If I was asked to write Iran 101, or “Iran for beginners”, one of the features that I talk about first would probably be: “All women in Iran have to obey the Islamic dress code”.
The Iranian Islamic Revolution embodied itself in the “Marg bar Amrika” ( مرگ بر آمریکا, Death to America) and the compulsory veiling of women. If you ask me what the Iranian Revolution is, I would point out these two without saying anything else. Since 1979, what women wear and what they do, and how much they cover their hair, has been a highly political issue.
By the way, veiling or hijab is compulsory not only for Iranian women but also for all women going to Iran. In fact, Sweden’s Minister of Foreign Affairs, Ann Linde, while she was serving as the trade minister, went to Iran and wore a headscarf and a mantle. She was criticized in her country for supporting this discriminatory policy against women by complying with the hijab rules.
Laws and social pressure
There are laws regulating women’s clothing in Iran, as well as social pressure. If women wear headscarves that do not cover their hair completely, or if their coats reveal their body features, they may be detained by the “Gashd-e Ershad”, policemen patrolling for “morality” on the street. Sometimes women are released at the police station after being scolded, and sometimes they are sent to court, receiving prison sentences.
In the days when Türkiye’s President Tayyip Erdoğan and Russian President Vladimir Putin were visiting Tehran, Iranian social media was talking about footage of Gashd-e Ershad police, trying to detain a young woman by forcing her into their minibus while the woman’s mother begging the police, saying that her daughter was ill.
This is the official part. There is also an unofficial part: social pressure. Any man or woman on the street, who does not like the way the hijab was worn, can warn women by saying: “Cover your head properly”. These warnings and responses have started to create serious social tension.
Teeth marks on the arm
Another footage that was talked about on Iranian social media was from a bus… A woman gets on the bus with her hair uncovered, and a woman in a veil warns the woman without a headscarf. Alerted, the woman begins to take the image of the woman in the veil attacking herself, the woman in the veil shouts, “You will send this video to Masih, right? Send it, and I will send your video to the Revolutionary Guards.” After the brawl, we see the bite-marked arm of the woman without a headscarf on camera.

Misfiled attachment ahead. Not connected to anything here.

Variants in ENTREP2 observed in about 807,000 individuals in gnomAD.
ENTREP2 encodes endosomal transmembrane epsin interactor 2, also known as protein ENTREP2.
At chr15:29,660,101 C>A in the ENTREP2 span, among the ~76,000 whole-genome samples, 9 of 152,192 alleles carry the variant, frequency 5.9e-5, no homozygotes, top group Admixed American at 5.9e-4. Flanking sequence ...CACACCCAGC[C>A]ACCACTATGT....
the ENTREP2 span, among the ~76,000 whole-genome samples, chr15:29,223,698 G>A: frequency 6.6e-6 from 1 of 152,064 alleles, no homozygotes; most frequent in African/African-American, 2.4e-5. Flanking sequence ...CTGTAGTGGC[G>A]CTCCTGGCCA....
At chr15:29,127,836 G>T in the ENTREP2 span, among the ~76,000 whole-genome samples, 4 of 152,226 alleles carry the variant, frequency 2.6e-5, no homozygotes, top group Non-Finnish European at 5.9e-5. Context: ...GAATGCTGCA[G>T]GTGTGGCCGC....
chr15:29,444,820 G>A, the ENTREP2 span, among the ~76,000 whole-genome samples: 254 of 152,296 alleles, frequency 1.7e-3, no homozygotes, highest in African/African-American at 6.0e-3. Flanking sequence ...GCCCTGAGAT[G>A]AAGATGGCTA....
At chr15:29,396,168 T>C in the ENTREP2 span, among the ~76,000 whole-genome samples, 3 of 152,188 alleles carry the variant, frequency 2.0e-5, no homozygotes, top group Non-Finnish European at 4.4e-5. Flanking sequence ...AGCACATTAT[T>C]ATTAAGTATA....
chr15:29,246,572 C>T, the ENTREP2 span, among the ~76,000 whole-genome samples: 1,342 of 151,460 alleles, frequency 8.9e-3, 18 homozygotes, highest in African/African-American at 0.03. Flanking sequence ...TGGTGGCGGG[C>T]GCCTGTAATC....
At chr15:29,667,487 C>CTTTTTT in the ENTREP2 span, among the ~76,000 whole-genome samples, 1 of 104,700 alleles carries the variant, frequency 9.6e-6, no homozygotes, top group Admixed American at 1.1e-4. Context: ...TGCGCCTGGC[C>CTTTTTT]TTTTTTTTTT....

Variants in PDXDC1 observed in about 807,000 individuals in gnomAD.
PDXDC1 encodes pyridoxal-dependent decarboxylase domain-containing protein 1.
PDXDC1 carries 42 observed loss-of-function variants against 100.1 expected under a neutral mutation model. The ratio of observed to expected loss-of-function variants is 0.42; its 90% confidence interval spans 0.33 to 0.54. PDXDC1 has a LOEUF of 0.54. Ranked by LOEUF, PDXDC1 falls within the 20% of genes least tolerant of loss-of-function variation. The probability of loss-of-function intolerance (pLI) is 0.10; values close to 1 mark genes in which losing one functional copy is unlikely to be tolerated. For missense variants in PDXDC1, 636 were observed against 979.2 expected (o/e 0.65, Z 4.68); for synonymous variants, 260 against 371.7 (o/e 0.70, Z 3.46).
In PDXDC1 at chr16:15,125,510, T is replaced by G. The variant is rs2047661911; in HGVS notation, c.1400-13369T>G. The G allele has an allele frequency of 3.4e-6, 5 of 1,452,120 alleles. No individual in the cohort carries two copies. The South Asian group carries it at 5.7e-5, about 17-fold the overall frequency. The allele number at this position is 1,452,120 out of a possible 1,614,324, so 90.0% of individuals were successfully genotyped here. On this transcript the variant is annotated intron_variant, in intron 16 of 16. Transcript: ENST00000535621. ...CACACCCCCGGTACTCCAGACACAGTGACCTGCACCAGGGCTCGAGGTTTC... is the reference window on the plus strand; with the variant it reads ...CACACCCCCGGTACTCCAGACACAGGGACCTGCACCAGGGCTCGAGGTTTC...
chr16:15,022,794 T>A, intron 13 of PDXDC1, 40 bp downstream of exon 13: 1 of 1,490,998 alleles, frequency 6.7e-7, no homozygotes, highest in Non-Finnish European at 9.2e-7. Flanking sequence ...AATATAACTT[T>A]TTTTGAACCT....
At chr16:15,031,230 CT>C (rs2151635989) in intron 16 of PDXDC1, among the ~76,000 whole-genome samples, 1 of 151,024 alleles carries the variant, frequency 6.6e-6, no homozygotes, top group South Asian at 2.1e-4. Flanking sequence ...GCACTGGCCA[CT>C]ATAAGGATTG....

The father of the veiled woman who attacked the woman without a headscarf is an academic working at Azad University. He was a literature professor. She went on with her life. The headscarfless woman was arrested.
“White Wednesdays” movement
When the revolution constructs itself over covering the female body, persistent objections to the strict rules of the Sharia regime also come from women. Journalist Masih Alinejad, who fled Iran in 2009, did something that captured women’s outcry:
She started a movement called “My camera is my weapon”. Women filmed the attacks they suffer when they don’t wear hijab and sent the video to Masih Alinejad for her to post them online on her social media account to inform the global public.
This movement later grew into the “White Wednesdays“ demonstrations.. On Wednesdays, women symbolically took off their white headscarves and started to protest in the busy spots of the cities. The movement had a snowball effect as it grew, and the reaction of the regime became harder. Some of these women were arrested.
One of them, Seba Kordefshari, was sentenced to 20 years in prison. Kordefshari was released on bail last year for $500,000. A significant number of these women fled Iran via Turkey.
It may tell something about the domestic political debates on refugees, as some of the politicians were talking about “mining the borders”, and “catching every foreigner and sending them out”. Maybe it would be better for them to think about this aspect of the issue.
A what? A male-female breakfast?
Regime tries, please excuse my saying so, to keep women’s leash tight. The issue of women’s clothing has increasingly become an element of social tension. The control of the Gashd-e Ershad police is more visible every day. They fill the women in buses and take them to the police stations. The importance and necessity of the headscarf began to be emphasized in Friday prayers, which is a weekly meeting where the policy of the regime in Iran is explained.
For example, Bojnurd city council member, Azam Sadat Afshinfar, said, “I see officers having breakfast with men and women in the workplaces. I can’t believe my eyes”. For example, the deputy prosecutor in Mashhad demanded that women who do not cover their heads not be served in banks and that they be banned from taking the subway. Such strange statements follow each other. Iran’s religious guide, Khamenei, gave a fatwa last year that female cartoon characters should also wear headscarves. A compilation of nonsense. Khamenei, also commented on the worldwide #metoo movement, saying that the problem of sexual violence can only be solved by covering women.
Hijab and Chastity Day
The regime recently declared July 12 as the day of headscarf and chastity. The more women try to open up, the more the regime tries to cover them. As a reaction to this, women started to shoot and broadcast their videos without headscarves, just like the White Wednesday protests.
Iranian women -at least a significant amount of them- are risking all to say, “We don’t want to be forced to cover up.” They are tired of being pushed around and thrown in jail all the time for this reason.
This regime is incompatible with Iran, everyone knows this, but there is no way to change it through elections or demonstrations. For now, no one knows what the road is. In the end, the ones who are more affected by this are women…